For those who have seen the original Karate Kid movie you’re probably familiar with the famous “wax on, wax off” lesson that Mr. Miyagi taught Daniel. I like the updated version of this lesson presented in the new Karate Kid movie starring Jackie Chan. You might be wondering what this has to do with ordinances – bear with me.
In the first scene, Dre (updated Daniel) enthusiastically approaches Mr. Han (updated Miyagi) and begins by trying to show Mr. Han how “good” he is and what “skills” he already possesses. Go ahead and watch this first clip:
Do we approach God thinking that we have it all figured out? Are we overly-impressed with our own wisdom and skill like Dre who felt like he had to validate himself somehow to Mr. Han? There is a verse in the Book of Mormon that I think is related to this idea:
“And whoso knocketh, to him will he open; and the wise, and the learned, and they that are rich, who are puffed up because of their learning, and their wisdom, and their riches—yea, they are they whom he despiseth; and save they shall cast these things away, and consider themselves fools before God, and come down in the depths of humility, he will not open unto them.” (2 Nephi 9:42)
It is easier to fill an empty vessel than a full one. Are we willing to make ourselves that vulnerable? Are we willing to sell all that we have acquired for the pearl of great price?
Dre thinks that Mr. Han is going to show him all these incredible kung fu moves, but Mr. Han has him do a seemly mundane task over and over again. Dre responds almost immediately with frustration, Read Full PostGo to Comments
The following article is from TempleStudy.com
Professor William J. Hamblin has offered some good starting points in considering the relationship between the ancient Israelite temple ritual and the modern day LDS temple endowment. It is from this vantage point that we should approach trying to understand these ancient ritual systems and the connections they might have with the Latter-day Saints temple ritual.
“When considering the possible relationship between ancient Israelite temple system and the LDS Endowment, the first thing to note is the basic purpose of the ancient temple was to reconcile Israel with God and bring all Israel (represented by the twelve stones inscribed with the tribal names) back into the presence of God (that is recapitulating the Sinai theophany), symbolically represented by the Holy Place and Holy of Holies within the veil.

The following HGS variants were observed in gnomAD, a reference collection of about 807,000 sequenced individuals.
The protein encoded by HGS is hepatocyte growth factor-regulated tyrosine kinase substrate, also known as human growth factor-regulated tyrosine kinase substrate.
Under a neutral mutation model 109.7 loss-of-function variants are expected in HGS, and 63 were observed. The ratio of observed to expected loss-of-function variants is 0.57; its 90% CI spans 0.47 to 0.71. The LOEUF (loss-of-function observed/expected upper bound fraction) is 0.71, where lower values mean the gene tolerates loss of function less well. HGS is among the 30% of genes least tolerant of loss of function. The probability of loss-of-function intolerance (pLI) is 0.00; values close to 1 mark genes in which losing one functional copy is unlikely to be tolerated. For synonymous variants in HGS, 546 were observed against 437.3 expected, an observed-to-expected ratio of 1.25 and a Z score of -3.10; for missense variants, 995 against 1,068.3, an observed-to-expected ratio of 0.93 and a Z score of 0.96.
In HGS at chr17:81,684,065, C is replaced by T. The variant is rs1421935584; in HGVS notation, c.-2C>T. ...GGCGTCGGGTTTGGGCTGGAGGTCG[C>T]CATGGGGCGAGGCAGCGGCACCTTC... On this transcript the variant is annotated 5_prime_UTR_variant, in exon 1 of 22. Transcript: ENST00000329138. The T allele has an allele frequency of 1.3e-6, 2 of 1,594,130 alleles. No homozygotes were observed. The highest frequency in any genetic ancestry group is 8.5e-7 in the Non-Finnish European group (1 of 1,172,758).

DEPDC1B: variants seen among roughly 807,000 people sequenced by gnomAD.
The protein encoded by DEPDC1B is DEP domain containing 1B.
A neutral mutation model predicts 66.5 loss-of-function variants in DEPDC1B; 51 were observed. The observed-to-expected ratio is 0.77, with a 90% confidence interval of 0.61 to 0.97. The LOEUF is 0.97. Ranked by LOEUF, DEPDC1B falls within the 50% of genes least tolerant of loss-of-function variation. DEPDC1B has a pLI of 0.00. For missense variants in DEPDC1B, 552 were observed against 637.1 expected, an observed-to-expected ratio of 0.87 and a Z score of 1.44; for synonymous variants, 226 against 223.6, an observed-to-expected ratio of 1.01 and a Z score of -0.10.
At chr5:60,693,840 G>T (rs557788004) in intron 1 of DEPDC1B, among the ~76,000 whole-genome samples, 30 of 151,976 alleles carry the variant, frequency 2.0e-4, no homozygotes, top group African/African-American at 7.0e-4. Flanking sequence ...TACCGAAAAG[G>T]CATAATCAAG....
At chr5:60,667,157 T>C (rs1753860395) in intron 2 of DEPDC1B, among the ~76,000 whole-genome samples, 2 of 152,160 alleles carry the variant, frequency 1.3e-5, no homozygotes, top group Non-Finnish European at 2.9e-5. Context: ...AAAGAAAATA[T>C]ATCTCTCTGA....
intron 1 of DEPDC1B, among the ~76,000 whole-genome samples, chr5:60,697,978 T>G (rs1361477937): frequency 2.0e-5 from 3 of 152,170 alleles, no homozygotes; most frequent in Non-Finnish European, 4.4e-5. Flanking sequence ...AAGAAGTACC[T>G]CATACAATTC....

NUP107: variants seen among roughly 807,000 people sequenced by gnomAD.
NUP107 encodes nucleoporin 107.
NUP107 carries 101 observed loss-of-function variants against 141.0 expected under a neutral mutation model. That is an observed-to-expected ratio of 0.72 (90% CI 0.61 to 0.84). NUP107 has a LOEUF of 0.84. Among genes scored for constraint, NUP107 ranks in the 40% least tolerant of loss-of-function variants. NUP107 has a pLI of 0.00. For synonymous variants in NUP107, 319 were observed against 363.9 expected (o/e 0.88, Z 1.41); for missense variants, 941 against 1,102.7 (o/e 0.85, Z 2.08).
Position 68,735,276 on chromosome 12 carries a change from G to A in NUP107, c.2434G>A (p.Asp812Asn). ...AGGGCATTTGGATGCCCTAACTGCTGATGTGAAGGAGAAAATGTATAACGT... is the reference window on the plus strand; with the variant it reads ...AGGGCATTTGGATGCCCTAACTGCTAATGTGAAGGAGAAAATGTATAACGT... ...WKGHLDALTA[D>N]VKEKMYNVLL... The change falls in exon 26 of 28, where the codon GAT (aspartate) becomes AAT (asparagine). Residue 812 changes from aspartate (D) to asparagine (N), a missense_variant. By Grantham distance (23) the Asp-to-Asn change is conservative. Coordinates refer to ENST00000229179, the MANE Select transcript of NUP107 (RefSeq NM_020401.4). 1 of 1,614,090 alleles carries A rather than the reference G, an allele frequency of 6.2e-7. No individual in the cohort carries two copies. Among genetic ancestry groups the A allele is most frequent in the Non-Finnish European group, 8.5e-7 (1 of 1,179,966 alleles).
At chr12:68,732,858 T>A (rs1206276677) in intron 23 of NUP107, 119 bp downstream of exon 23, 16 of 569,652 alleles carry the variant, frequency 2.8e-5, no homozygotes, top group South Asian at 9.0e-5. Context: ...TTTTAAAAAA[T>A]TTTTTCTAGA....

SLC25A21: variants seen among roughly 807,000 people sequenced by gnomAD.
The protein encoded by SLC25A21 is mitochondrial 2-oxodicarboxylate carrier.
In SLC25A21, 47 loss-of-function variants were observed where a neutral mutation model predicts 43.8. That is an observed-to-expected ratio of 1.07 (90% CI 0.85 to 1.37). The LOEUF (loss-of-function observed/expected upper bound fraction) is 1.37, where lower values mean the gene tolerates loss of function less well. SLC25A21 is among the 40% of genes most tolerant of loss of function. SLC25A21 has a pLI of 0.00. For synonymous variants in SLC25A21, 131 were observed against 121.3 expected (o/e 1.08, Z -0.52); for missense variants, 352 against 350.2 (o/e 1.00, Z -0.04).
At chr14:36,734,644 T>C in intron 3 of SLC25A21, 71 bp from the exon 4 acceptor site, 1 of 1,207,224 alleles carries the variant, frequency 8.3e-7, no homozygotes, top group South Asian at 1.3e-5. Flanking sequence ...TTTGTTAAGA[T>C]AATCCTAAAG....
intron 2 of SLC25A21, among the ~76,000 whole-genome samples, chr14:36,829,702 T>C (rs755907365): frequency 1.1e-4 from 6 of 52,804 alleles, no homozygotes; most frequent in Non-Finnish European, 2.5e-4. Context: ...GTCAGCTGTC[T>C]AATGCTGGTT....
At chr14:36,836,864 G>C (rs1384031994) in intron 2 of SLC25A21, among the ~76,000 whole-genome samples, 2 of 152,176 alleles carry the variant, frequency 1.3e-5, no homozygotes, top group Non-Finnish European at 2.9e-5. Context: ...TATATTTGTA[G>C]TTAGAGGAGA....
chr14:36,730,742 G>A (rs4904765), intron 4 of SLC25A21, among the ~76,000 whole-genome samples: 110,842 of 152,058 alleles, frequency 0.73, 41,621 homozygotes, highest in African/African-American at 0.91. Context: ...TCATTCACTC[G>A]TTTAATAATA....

“The second thing to note is that Israel had exoteric rituals in the outer courtyard of the temple which could be witnessed by all (though only priests officiated). Esoteric rituals performed inside the temple itself could only be performed and witnessed by priests. LDS Endowment broadly corresponds to the esoteric rituals performed inside the temple, not the exoteric rituals performed outside. The ancient exoteric Israelite temple rituals correspond with the LDS weekly sacrament (the bread/wine offering of the Israelite temple).” (William Hamblin, Mormon Scripture Explorations)
Another important point to realize is that Christ was the last great blood sacrifice when He came in the meridian of time and offered the Atonement, which ended sacrifice by the shedding of blood (3 Ne. 9:19; cf.Mosiah 13:27; Alma 34:13; 3 Ne. 15:2–10). Since Christ was the last blood sacrifice (all precursors pointing to Him), from that point onward the outward nature of sacrificial ritual changed, but still pointing towards Christ, and still a sacrifice of a broken heart and contrite spirit (3 Ne. 9:20–22; Psalms 51:16–17;Psalms 34:18).
See the gallery below for various artists’ depictions of the rituals inside the ancient Israelite temple. Click each image to enlarge.
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Pictured above is my latest rendering of the Nephite Interpreters that were in the possession of Joseph Smith for a time. I have always wondered what these instruments must have looked like so I began by creating a few simple illustrations. Over time, the illustrations evolved into a more realistically rendered piece of art and this is the latest version. One day, I think it would be interesting to try to construct a physical model.
You can begin to get an idea of what these interpreters must have looked like by examining quotes from witnesses that actually saw them; from there you are left with gaps that can only be filled in with speculation. Here are the aspects of this version that I feel are pretty solid:
- Triangular shape of the “stones”
- Figure-8 design of the frame
- “Glass” setting for the interpreters
Here are the characteristics that are speculations and assumptions Read Full PostGo to Comments
All of the notes below are taken directly from the Temple Institute which is an organization seeking to rebuild the third temple on Mount Moriah.
Moses was instructed by G-d that the garments of the priests were to be both dignified and beautiful; as precious as the garments of royalty. Indeed, the Talmud informs us that when the wicked Persian king Ahasuerus made a feast for his advisors and officers and sought to impress them with his greatness (as recorded in the scroll of Esther, which tells the story of Purim) he put off his own royal vestments and donned the uniform of the High Priest… which was more precious than his own. These priestly garments were in his possession since the First Temple had been destroyed by the Babylonians.